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Dover and London GP practice manager jailed for £300k theft

10 May 2010

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A former manager of GP practices in Dover and London was last week (7 May 2010) jailed for four and a half years at Canterbury Crown Court for taking more than £300,000 in multiple theft and fraud offences.

Debbie Sadler, 42, of Ashford, Kent, was found to have abused her trusted position as Practice Manager at Pencester Medical Centre, Dover, stealing £207,791.00 from her employers. She also fraudently earned more than £93,000 at this and other practices. She pleaded guilty to 27 of 30 charges.

Confiscation orders are now being sought.

One of the GPs Ms Sadler worked for at the Pencester practice suspected fraud, and reported their concerns to the NHS Counter Fraud Service in June 2008.

After receiving a tax demand for the practice, Ms Sadler took two days off work, during which her colleagues started to examine the finances. They found several irregularities, including a ghost employee, and Ms Sadler was dismissed. Kent police arrested and interviewed her.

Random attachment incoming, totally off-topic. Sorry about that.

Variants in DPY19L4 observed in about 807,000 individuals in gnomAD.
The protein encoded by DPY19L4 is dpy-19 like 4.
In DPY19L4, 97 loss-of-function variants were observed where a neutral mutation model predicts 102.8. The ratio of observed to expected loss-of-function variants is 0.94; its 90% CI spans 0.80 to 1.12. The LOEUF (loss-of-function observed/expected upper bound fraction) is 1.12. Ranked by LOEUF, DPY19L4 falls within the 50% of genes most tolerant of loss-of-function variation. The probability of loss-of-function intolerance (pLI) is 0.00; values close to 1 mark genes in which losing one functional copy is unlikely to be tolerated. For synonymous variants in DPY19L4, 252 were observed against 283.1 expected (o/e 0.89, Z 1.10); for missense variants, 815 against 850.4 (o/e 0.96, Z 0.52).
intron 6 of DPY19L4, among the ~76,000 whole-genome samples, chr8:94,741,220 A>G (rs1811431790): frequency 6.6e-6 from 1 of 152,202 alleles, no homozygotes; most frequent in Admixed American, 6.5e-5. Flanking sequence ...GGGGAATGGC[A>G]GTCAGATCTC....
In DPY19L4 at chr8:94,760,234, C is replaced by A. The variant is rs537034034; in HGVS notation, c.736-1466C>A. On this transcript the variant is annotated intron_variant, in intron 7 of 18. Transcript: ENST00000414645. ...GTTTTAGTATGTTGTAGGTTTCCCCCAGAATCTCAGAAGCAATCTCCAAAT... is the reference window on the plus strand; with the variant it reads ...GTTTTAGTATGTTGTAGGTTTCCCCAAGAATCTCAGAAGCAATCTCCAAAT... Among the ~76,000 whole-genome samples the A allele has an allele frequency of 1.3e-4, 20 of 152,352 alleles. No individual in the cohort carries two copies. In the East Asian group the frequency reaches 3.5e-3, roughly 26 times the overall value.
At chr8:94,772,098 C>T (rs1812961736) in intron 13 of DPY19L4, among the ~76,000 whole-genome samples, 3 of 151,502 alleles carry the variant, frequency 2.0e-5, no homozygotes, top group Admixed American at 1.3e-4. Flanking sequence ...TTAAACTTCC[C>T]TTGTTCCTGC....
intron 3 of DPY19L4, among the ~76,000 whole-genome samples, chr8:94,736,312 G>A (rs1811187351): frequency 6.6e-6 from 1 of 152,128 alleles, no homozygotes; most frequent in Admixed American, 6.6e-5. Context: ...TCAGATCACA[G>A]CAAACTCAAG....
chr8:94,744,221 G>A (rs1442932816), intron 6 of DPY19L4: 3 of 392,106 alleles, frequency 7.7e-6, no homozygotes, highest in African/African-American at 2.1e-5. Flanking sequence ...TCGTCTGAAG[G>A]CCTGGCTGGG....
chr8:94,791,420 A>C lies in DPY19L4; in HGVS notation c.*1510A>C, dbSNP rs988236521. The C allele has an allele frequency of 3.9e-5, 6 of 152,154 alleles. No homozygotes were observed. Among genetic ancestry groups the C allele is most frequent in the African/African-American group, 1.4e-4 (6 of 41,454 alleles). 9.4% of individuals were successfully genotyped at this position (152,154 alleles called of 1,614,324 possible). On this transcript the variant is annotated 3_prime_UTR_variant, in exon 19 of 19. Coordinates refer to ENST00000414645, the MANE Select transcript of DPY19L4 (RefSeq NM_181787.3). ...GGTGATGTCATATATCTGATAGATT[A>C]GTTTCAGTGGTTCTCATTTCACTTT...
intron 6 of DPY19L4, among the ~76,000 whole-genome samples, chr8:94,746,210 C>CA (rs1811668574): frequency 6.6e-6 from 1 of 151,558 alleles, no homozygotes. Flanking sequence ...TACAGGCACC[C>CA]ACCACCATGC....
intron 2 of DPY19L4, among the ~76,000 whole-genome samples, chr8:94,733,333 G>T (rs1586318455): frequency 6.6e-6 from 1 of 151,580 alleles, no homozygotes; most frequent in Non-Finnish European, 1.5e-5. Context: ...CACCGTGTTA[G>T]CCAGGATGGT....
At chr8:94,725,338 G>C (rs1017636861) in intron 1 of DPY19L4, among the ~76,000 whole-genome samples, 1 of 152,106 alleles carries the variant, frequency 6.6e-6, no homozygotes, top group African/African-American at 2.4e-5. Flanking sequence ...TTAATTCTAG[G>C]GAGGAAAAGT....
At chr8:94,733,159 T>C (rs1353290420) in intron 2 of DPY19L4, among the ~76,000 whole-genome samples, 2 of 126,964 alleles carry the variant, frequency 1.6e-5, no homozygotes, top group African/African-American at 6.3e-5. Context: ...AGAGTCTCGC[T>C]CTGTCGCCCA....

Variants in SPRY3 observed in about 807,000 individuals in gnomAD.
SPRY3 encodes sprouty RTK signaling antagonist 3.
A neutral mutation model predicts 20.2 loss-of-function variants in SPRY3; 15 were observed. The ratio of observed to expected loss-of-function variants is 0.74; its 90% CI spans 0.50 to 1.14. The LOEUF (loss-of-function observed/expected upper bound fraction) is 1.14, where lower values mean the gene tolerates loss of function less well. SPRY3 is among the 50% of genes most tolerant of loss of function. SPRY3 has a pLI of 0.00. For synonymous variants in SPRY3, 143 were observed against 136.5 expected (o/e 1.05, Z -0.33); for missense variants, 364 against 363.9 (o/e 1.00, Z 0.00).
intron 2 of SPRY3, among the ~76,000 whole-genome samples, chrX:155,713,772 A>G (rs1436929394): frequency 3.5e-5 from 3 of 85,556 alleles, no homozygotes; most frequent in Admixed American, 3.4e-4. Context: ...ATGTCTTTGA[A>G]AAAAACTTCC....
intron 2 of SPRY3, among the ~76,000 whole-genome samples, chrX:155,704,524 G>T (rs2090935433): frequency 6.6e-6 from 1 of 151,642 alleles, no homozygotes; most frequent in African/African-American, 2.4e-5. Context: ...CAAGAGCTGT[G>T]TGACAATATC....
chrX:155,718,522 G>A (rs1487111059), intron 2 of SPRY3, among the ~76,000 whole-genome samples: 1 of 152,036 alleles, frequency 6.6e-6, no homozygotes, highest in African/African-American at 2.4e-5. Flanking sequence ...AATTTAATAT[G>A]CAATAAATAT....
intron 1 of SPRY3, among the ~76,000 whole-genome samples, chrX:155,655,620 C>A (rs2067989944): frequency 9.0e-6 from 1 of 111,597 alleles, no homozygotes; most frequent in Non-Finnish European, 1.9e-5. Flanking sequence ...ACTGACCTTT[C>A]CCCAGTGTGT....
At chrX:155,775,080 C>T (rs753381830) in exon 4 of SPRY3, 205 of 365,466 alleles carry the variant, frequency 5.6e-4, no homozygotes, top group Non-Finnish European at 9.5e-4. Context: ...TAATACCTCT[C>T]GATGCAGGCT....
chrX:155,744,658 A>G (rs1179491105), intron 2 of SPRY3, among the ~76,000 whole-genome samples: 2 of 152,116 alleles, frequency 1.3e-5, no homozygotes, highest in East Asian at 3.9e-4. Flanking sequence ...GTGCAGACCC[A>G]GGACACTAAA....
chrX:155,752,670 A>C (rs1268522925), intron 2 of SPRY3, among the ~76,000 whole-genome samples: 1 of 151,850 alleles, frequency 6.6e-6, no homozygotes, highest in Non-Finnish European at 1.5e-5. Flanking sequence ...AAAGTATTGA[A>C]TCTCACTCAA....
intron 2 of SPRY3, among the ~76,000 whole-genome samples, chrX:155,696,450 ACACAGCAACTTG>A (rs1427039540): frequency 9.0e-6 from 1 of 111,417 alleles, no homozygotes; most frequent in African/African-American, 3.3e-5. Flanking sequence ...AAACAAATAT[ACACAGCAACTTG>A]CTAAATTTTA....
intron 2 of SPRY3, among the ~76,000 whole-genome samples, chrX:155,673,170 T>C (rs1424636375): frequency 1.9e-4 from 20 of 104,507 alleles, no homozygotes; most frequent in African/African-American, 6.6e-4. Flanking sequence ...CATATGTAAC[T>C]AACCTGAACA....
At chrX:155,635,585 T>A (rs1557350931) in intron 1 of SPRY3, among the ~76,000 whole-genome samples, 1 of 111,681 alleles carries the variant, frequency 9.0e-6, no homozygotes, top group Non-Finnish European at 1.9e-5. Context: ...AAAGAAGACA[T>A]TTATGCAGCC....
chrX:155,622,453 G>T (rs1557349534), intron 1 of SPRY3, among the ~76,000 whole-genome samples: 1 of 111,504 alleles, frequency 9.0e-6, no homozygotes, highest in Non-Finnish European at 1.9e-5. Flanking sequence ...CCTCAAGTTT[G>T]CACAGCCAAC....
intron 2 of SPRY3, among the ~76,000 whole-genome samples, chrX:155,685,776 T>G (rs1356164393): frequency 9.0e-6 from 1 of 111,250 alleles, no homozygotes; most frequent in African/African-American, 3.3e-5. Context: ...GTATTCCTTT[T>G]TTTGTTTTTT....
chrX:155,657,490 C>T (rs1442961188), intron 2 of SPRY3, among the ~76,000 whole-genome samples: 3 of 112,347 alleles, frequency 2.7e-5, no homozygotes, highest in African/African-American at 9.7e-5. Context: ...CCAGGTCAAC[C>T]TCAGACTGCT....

Further investigations revealed that Ms Sadler had found a new job while on police bail, as a practice manager at the Albion Health Centre in Whitechapel Road, London. To obtain this position, she had forged her references in the name of a GP at the Pencester Medical Centre.

When they learned of this in July 2008, The Albion Health Centre immediately dismissed her.

On 15 October 2009, Ms Sadler was charged with multiple offences of theft and fraud. It then emerged she had been employed since March 2009 as maternity cover for the practice manager at The Keats Group Practice in Hampstead, London, and had lined up her next job at the Prince of Wales Group Practice in Kentish Town, London.

As a result, Ms Sadler was charged with a further three offences of fraud.

NHS Counter Fraud Service

Related stories:

Second Chesterfield GP manager sentenced for fraud

GP manager guilty of not declaring past convictions

Your comments: (Terms and conditions apply):

“Yes and no, this wasn’t the first time she has been caught and cautioned for this type of offence although it wasn’t reported at the time. Had they taken the time to check on her it would have come to light. However, saying that she was a very unassuming kind of person, had you met her or even worked with her you would not have expected she could do something like that” – Georgina Black, Epsom

“Fraud can only occur if strict policies are not in place in the first instance. As a practice manager I refuse to be a signatory on any cheque books and several people at my instigation are involved in payroll so it is overviewed etc. Temptation was put there and as a result it happened – is it really HER fault – I don’t know!!!” – Michele Fildes, Burton on Trent